Key trends to watch out for in the hospitality industry
The past year and a half has been a tumultuous time for the travel and hospitality industry, more so for the latter. All indications are that the hotel industry has rebounded from the depths of the Covid-19 pandemic. The U.S. hotel occupancy is returning to pre-pandemic 2019 levels this summer. This is good news as the industry grew significantly through 2019, it was the pandemic that had set the hotel industry back by 10 years. As we approach 2022, there are many critical elements in this recovery that we must keep track. It includes a missing vital part of the hotel business i.e., corporate travelers as well as the current challenge with workforce availability.
The recently held 43rd Annual NYU International Hospitality Industry Investment Conference in New York hosted by the NYU School of Professional Studies Jonathan M. Tisch Center of Hospitality included a session on key trends shaping the hospitality industry. The speakers included the CEOs of major hospitality chains including Marriott International, Accor, IHG Hotels & Resorts, Hyatt Hotels Corporation who spoke about how they and the industry at large are bracing the current challenges and getting ready for the future.
Here are a few prominent hospitality trends and observations that emerged from the discussion.
Leisure is soaring high: As travel is opening in most parts of the world, leisure travel is soaring high. In fact, the line between business and leisure is blurring, giving rise to a new trend of B-leisure where consumers are combining their business and leisure trips to avail maximum value from the plan.
Real-time visibility into booking data: Hotels are keeping a hawk’s eye on the booking data, as the demand can fluctuate at a rapid pace depending on number of Covid cases and news of new variants. These have an immediate impact on bookings—to the extent that the demand variation is happening on a weekly basis.
Home sharing trend: Most hotel owners had embarked on this trend long back following the Airbnb suit. However, now with safety playing a key role in decision making, consumers are preferring to opt for homes customized for their requirements instead of hotel suites. Hilton had started with 3000 listings and now has about 30,000 listings of homes in all category stays.
Re-imagining guest services: Safety of guests has become the highest priority and consumers are using services in ways that allows them to keep physical contact at a minimum. Guest services are becoming innovative, and hoteliers have to invest in reimagining how to deliver these services in new ways.
Investment in digital technologies: With all the negative impact on the industry, a silver lining has emerged for the players in technology space. Covid has served as an accelerator in adoption of digital technologies. Mobile check ins, digital key, order from table, and many more such contactless services are enabled using digital. These measures have also increased productivity for owners and enhanced customer experience.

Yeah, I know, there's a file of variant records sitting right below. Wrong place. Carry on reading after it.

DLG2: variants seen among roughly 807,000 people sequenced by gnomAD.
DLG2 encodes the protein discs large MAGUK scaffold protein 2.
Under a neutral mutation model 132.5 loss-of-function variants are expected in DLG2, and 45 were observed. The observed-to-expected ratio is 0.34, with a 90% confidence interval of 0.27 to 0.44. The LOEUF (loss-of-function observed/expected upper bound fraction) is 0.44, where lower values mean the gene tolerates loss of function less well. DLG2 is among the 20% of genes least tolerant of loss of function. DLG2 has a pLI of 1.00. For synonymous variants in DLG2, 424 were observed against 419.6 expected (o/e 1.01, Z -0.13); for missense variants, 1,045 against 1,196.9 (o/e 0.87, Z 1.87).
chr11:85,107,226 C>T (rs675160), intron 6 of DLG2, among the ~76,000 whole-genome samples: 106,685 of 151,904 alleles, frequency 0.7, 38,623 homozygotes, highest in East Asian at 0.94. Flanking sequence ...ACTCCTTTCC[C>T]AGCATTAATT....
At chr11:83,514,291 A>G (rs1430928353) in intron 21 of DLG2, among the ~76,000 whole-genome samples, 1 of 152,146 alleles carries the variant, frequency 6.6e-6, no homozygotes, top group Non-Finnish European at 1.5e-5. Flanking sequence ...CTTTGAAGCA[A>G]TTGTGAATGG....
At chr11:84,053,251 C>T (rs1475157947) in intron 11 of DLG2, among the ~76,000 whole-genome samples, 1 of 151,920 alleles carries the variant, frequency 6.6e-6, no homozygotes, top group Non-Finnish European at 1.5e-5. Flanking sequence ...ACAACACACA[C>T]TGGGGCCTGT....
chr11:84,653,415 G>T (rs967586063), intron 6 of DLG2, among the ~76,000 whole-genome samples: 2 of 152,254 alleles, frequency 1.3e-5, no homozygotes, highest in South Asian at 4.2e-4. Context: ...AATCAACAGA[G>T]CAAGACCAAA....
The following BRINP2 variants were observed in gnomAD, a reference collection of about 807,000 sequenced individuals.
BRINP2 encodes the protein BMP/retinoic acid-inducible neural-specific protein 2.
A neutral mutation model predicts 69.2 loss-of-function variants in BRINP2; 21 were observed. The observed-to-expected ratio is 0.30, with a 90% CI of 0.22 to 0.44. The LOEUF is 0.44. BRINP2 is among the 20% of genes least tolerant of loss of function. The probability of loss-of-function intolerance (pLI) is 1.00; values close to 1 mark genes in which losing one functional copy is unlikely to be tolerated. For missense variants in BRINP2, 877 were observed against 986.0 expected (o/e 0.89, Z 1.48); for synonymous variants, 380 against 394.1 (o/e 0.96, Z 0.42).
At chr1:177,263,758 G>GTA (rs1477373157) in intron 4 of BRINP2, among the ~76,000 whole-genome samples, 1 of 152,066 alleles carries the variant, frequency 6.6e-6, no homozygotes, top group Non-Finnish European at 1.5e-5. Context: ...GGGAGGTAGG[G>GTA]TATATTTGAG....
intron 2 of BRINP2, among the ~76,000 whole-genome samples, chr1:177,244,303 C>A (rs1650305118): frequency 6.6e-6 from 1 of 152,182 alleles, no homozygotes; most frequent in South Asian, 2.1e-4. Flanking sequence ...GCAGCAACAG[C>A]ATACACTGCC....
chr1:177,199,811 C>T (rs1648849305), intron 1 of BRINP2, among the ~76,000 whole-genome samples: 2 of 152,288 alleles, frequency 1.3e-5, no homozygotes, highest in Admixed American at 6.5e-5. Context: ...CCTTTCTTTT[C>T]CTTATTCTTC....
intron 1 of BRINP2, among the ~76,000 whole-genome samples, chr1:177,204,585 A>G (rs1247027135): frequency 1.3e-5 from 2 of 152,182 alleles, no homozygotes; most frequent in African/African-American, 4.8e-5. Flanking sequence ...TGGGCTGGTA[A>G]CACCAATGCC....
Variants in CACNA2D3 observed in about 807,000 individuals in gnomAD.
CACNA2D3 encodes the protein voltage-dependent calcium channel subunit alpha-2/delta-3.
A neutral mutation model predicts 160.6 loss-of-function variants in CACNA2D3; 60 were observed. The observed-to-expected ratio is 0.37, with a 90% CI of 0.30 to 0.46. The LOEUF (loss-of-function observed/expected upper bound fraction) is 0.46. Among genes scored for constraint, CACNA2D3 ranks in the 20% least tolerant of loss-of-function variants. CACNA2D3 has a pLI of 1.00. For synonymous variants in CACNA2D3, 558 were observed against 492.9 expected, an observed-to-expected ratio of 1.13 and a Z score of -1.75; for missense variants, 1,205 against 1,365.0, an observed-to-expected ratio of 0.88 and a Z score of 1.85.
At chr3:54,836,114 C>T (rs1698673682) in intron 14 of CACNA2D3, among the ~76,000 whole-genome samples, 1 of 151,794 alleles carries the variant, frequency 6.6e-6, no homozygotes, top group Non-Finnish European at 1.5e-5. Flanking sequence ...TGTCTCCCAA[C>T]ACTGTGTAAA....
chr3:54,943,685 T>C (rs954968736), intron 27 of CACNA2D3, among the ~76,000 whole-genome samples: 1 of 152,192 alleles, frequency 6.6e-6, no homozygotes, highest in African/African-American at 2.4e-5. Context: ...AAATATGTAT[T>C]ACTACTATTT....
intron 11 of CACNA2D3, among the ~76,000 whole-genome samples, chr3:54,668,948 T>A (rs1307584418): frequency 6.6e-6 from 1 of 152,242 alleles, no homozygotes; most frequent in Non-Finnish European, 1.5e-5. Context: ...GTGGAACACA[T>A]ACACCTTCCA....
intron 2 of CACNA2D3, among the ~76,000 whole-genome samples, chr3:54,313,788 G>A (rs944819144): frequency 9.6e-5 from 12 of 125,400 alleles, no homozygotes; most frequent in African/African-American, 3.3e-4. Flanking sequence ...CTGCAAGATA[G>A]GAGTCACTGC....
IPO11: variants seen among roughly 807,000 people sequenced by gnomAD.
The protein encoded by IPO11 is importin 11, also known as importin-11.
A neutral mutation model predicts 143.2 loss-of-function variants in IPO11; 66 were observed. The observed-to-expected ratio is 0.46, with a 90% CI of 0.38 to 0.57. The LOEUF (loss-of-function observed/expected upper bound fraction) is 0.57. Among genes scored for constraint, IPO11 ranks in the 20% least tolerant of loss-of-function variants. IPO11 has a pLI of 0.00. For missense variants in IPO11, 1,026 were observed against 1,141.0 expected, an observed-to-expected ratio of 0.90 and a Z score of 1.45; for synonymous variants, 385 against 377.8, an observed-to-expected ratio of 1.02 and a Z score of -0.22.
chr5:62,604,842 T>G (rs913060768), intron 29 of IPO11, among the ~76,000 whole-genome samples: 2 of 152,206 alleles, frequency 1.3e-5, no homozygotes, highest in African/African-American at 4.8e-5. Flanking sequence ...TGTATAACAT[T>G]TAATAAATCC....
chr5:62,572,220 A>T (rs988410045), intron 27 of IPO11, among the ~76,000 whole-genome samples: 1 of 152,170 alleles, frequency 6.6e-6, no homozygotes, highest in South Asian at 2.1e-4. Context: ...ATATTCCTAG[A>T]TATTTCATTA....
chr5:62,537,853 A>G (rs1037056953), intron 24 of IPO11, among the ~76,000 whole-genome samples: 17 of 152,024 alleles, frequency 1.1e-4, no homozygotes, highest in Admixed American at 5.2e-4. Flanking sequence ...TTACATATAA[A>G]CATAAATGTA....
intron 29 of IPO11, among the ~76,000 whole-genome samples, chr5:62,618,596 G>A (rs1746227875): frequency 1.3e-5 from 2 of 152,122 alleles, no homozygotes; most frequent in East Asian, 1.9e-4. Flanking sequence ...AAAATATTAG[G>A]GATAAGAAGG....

The sustainability imperative: Imparting sustainability in the way hotels run is no more a “good to have”. It’s now an imperative that most organizations are adopting. Hoteliers who are explicit in sharing their commitment and curating careful measures in imparting sustainability in their offerings will have an edge over others. It’s not just a tick in the box anymore as guests are now looking for hotel owners aligned to sustainable initiatives.
Employment challenges and opportunities: One of the most visible impacts of the pandemic has been on the employment front with great talent leaving their past employers and in some cases the industry itself. With the rise in seasonal demand and revenge travel, the human side of the growth is posing challenges in terms of manpower to serve the spikes in demand. Hoteliers are therefore opening doors to hiring resources from other industries and even providing opportunities to underprivileged communities.
Overall, the CEOs of the global hotel chains are optimistic while being vigilant about the progress on the vaccination front in multiple countries and the emerging virus variants. The underlying thought is that laws of economics will take over and the industry will witness overall recovery faster than most of expected a few months into the pandemic. The cautionary tale for the near future is that the massive and even irrecoverable losses that the industry went through would invariably lead to increased costs for consumers and inefficiencies in delivery of services given the talent crunch. With the looming challenges, hospitality owners have no choice but to reimagine the traditional business models, supporting IT infrastructure, and operations in ways that least affect consumer expectations.
In the past, the right pricing strategy was critical to success in the industry with larger players dominating the market. Post pandemic there is no single winning formula which will make the industry open to potentially new players and innovative strategies. Optimism and intelligent consumer engagement are the keys to staying the course in an industry that was once growing faster than the GDP during the pre-pandemic times.